For the first two seasons, Scavo was a rather clueless Mr. Mom to the four small children he has with his ambitious advertising executive wife Lynette (Felicity Huffman), as well as a thorn in her side as a co-worker at the agency. This past season, Tom fulfilled his lifelong dream of opening a pizzeria, but nearly lost Lynette after a severe back problem led to surgery and convalescence at home.
Savant, 43, first came to fame in the early 1990s on Fox's prime-time soap, "Melrose Place," as Matt Fielding, one of the few openly gay characters on series TV. He's also appeared in such films as "Masquerade," "Hanoi Hilton" and "Godzilla" and as a guest star on the TV series "24," "According to Jim" and "CSI." Savant is married to his "Melrose Place" co-star, Laura Leighton.
So you had knee replacement surgery after the show wrapped production this season.
That is how I spent my summer vacation. Isn't it glamorous?
How did you ruin your knee?
Mine was from high school football in 1979. Felicity liked to make fun of the way I walked on the set. I am doing extremely well in terms of the recovery curve.
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Well, with your knee out of whack you probably enjoyed the fact Tom spent a lot of the season injured and on his back. Did the writers dream that up because of your knee problem?
The irony is the writers had none of that in mind. They just wanted to get me out of the pizzeria, so Lynette would hire the new manager who ultimately she would have these feelings for. And [the back problems] put me in the position where I was more of a nuisance than a loving partner, so they could somehow feebly justify her emotional life for this guy!
Opening the pizzeria brought out a different side of Tom's personality.
I think during the first couple of years, people thought Tom was simply the ideal husband, a little browbeaten and certainly catering to her whims and desires. But in this season, we saw the character follow his dream -- as absurd as it may sound -- of opening the pizzeria, and he asserted certainly more of himself. We saw these characters, I think, on more of an equal footing.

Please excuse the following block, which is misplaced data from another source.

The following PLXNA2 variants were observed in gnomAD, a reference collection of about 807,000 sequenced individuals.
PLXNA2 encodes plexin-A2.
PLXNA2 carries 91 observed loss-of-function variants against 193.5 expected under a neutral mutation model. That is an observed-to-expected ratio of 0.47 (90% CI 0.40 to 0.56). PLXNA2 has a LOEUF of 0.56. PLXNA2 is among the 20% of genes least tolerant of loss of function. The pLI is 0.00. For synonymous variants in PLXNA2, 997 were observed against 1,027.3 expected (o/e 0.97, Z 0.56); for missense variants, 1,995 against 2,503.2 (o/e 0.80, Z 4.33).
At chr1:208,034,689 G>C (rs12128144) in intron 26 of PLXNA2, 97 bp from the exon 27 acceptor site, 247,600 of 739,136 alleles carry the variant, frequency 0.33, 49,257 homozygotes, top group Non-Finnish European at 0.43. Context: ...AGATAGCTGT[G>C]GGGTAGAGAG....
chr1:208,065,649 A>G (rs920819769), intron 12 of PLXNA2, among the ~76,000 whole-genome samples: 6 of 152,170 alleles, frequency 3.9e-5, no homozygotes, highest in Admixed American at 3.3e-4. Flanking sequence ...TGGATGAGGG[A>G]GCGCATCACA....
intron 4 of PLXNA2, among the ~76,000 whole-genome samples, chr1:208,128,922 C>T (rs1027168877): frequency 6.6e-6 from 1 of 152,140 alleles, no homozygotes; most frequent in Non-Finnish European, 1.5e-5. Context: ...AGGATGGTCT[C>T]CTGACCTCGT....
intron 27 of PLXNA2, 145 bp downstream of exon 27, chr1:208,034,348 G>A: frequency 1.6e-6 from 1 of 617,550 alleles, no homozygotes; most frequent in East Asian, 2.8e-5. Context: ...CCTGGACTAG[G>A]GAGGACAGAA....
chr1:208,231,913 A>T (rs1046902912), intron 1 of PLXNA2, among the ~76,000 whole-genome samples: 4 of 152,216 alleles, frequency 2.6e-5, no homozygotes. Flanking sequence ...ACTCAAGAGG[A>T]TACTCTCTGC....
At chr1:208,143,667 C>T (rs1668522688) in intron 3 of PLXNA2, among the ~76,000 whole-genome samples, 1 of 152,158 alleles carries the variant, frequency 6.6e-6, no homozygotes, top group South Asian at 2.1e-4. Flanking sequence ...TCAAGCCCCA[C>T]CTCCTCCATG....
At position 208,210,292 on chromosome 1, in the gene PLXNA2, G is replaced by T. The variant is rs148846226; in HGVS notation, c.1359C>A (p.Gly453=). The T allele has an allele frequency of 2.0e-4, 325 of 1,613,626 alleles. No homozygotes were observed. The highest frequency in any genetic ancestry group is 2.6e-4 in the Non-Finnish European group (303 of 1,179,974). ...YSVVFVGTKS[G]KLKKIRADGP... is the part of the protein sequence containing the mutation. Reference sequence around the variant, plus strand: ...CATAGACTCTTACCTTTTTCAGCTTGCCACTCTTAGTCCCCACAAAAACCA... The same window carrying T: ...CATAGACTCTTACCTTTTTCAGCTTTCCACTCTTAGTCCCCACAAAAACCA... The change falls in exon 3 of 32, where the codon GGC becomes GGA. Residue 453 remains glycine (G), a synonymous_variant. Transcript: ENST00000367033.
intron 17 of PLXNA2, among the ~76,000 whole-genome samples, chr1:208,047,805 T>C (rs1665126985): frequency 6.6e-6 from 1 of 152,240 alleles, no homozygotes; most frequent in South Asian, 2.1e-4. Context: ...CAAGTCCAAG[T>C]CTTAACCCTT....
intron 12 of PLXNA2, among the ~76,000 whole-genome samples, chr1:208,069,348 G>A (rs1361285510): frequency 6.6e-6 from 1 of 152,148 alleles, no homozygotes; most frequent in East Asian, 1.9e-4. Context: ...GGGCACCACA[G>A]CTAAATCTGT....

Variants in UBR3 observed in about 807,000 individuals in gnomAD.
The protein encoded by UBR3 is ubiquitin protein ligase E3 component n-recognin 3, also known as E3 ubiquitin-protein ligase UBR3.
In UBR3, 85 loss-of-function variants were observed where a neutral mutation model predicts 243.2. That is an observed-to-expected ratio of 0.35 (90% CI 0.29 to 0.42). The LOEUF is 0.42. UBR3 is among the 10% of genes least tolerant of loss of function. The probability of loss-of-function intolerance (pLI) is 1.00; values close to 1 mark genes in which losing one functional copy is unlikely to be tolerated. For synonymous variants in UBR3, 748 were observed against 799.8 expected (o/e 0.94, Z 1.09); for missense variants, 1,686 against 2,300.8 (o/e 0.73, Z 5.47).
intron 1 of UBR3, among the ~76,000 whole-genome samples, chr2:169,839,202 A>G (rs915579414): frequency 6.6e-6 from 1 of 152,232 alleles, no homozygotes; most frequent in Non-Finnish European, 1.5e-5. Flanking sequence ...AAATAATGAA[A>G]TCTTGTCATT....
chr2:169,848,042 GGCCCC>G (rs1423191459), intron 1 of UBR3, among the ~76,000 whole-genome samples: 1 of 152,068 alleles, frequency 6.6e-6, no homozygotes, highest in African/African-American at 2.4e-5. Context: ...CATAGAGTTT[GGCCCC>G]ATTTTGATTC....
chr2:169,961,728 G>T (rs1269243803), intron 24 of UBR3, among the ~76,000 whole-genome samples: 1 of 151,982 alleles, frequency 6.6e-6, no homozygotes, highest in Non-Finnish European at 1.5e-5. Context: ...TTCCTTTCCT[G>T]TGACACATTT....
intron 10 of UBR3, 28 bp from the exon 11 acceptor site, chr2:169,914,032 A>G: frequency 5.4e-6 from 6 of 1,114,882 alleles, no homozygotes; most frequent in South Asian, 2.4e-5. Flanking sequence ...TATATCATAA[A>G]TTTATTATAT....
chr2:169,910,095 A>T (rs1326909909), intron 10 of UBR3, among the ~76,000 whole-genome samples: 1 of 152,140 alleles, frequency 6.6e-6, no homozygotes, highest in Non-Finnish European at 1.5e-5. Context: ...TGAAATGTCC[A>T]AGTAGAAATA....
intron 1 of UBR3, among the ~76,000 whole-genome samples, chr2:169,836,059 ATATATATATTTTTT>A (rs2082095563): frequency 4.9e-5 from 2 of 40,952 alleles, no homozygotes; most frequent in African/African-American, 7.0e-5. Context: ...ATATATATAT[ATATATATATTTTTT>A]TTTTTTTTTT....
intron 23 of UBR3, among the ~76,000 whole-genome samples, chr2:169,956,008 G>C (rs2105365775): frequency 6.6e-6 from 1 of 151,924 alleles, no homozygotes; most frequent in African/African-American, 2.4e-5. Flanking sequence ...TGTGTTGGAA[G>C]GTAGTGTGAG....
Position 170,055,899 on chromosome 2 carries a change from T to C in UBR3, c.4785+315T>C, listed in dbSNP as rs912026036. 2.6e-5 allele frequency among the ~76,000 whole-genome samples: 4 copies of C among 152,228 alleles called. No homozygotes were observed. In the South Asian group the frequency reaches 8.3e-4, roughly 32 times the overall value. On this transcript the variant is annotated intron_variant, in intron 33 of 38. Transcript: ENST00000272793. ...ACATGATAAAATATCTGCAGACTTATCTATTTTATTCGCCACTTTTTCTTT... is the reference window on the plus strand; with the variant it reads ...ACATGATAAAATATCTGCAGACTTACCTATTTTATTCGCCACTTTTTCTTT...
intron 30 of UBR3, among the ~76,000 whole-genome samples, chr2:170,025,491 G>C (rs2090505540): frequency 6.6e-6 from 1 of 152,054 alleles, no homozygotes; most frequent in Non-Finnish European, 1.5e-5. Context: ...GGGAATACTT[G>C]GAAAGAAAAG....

The change in Tom made Lynette more vulnerable.
I think that dynamic is there and that was one of the reasons I was very pleased. . . . When they said they were bringing in this other character and that Lynette would have an affair of the heart, if you will, I said I hope he's a worthy opponent because I really thought it was an opportunity for the audience -- I don't know if we have fully investigated this -- to better understand what it is that Tom provides Lynette she can get no place else. I think we are starting to see some of that dimension. And I think starting next year when we start to move into her cancer. . . .
Tom still will be dealing with his anger over Lynette's affair of the heart while taking care of her.
Absolutely. I am glad you brought it up. I think that is an issue that will resonate into Season Four. If you asked Felicity, she would tell you she believes staunchly that [Lynette] has done nothing wrong. And she didn't cross a physical line, but it's interesting -- and I have certainly felt it out in public -- as to where that line is of fidelity.
I think that Tom ... specifically, that this issue is not over for him and that he needs much more closure on it. I think it is one of the beautiful things and ironies of marriage and why I am very passionate about it for Tom and Lynette. Tom fights for his wife to get her back and she doesn't in any sort of dramatic way select him. She doesn't say, 'Rick, get out of my life, I'm choosing my husband.' She sort of sends him away because it could ruin her life.
Tom has to find out about it and sees her emotional loss and finds out Rick didn't go away after Tom told him to; it was indeed Lynette who asked him to go away.
And in the same moment, he asks, 'Did you fall for him?' And she has this very emotional moment where the answer is quite clear, though it's not verbal. Then the doctor comes in and delivers this news. He just fought for this woman who barely chose him and now he is going to have to take care of her in her time of need.
Emmy nominations are announced on July 19 -- are you submitting yourself for a nomination?
I am submitting under best supporting actor in a comedy, though much of what I do is not comedy.
I have always said this, and I really believe this -- to me the gift is the job itself. I have been an actor for 24 years and this is my favorite job in 24 years. I act opposite an Emmy Award-winning actress. It is the most rewarding work I have done on TV and the most fun I've had. I already feel like a winner.
If the voters so inclined to sort of recognize the guys on our show, that would be fantastic. But if it doesn't happen, it will not for a second diminish my appreciation and love of having this job.